The BBC Horizon programme on ‘Global Weirding’
Horizon : “Something weird seems to be happening to our weather – it appears to be getting more extreme.”
The BBC reports:
Dame Julia Slingo, Met Office Chief Scientist, said the variable UK climate meant there was “no definitive answer” to what caused the storms. “But all the evidence suggests there is a link to climate change,” she added. “There is no evidence to counter the basic premise that a warmer world will lead to more intense daily and hourly rain events.”
“We have records going back to 1766 and we have nothing like this,” she said. “We have seen some exceptional weather. We can’t say it is unprecedented but it is exceptional.”
So what constitutes exceptional weather?
Paul Homewood has analysed the figures extensively and those suggest that for the UK, the weather is doing pretty much what it has always done. His blog is available at http://notalotofpeopleknowthat.wordpress.com/
As a manufacturing engineer I was introduced to the wonderful world of control charts so I have constructed these to see if our current winter UK rainfall was exceptional.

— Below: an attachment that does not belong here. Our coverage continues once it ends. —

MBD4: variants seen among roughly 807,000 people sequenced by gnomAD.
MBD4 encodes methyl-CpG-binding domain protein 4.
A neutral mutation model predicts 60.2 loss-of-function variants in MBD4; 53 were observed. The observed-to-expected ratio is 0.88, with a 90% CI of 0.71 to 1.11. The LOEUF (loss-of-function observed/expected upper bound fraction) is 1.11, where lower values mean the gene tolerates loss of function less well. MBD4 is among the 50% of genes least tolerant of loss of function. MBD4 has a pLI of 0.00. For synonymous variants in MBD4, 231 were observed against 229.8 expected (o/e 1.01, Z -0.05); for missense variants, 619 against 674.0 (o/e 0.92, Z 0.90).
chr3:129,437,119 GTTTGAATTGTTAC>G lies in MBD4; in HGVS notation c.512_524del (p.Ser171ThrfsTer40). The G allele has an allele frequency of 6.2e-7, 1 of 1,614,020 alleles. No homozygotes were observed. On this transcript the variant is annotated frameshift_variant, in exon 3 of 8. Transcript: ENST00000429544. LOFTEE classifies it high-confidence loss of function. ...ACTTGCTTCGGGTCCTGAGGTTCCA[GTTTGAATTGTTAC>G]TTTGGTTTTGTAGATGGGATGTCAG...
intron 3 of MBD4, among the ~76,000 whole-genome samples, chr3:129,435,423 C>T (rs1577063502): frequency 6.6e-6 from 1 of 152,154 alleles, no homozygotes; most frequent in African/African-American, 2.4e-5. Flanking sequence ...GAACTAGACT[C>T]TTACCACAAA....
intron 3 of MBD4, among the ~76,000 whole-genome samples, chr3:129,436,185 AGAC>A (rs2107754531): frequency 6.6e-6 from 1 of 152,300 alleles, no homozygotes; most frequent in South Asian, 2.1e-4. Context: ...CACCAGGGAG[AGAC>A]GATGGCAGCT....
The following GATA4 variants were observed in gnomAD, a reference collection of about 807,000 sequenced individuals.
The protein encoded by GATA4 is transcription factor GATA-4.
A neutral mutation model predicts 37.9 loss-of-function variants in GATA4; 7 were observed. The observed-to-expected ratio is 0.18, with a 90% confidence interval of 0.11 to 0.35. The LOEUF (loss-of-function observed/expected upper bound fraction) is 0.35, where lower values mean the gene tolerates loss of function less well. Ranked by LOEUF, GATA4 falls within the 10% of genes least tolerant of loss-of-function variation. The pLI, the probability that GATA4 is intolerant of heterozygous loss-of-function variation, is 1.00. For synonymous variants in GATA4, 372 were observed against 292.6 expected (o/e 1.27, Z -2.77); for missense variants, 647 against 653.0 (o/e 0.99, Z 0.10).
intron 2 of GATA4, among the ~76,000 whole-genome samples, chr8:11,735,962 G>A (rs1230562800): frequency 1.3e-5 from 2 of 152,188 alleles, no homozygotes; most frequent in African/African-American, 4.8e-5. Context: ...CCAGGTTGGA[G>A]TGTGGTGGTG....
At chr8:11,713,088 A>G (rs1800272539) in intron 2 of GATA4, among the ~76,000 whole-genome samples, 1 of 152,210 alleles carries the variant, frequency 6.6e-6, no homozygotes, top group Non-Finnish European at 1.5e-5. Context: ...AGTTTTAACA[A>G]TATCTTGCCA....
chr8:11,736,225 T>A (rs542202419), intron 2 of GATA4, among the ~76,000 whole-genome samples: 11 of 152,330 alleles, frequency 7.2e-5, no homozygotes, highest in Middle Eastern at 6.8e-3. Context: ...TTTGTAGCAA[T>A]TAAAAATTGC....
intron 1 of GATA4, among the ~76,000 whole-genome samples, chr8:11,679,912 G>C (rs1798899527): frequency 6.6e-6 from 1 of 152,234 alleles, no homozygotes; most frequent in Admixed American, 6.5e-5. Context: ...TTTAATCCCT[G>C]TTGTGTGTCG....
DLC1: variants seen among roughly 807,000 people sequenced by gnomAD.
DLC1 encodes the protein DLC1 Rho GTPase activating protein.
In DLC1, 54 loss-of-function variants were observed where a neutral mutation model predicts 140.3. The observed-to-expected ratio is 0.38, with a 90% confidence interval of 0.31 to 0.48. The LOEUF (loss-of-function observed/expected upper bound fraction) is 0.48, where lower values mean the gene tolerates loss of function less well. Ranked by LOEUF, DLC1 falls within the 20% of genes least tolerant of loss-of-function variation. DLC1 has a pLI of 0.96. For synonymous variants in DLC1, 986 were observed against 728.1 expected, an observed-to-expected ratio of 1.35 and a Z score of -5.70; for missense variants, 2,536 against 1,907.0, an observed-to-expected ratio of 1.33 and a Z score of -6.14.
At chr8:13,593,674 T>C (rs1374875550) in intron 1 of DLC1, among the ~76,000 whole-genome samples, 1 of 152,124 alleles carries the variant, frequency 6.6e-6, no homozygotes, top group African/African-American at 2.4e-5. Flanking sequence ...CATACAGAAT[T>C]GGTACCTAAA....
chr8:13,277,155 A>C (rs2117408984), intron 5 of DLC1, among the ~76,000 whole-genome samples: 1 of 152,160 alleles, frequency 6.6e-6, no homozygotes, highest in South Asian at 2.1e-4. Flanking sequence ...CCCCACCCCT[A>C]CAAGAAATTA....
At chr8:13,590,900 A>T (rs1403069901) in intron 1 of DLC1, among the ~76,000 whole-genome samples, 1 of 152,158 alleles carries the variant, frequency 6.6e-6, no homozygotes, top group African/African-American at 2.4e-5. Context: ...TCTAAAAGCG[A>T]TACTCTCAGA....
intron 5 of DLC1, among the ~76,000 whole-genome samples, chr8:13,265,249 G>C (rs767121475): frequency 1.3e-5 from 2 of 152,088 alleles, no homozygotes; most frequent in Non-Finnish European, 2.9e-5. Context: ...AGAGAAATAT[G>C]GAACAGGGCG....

The ASQ (American Society for Quality) suggests these criteria for an out of control process:
- A single point outside the control limits.
- Two out of three successive points are on the same side of the centreline and farther than 2s
- Four out of five successive points are on the same side of the centreline and farther than 1s
- A run of eight in a row are on the same side of the centreline.
- Obvious consistent or persistent patterns that suggest something unusual about your data and your process.
When we look at the graphs below we see that in 2014 we have one point outside the Upper Control Limit, but looking at the previous years we see that the system was very much in control, the rainfall figures bouncing around the average, so is the Met Office basing its comments on a single data point? The figures also suggest that the period 1909 to 1930 was one of the most consistently wettest periods.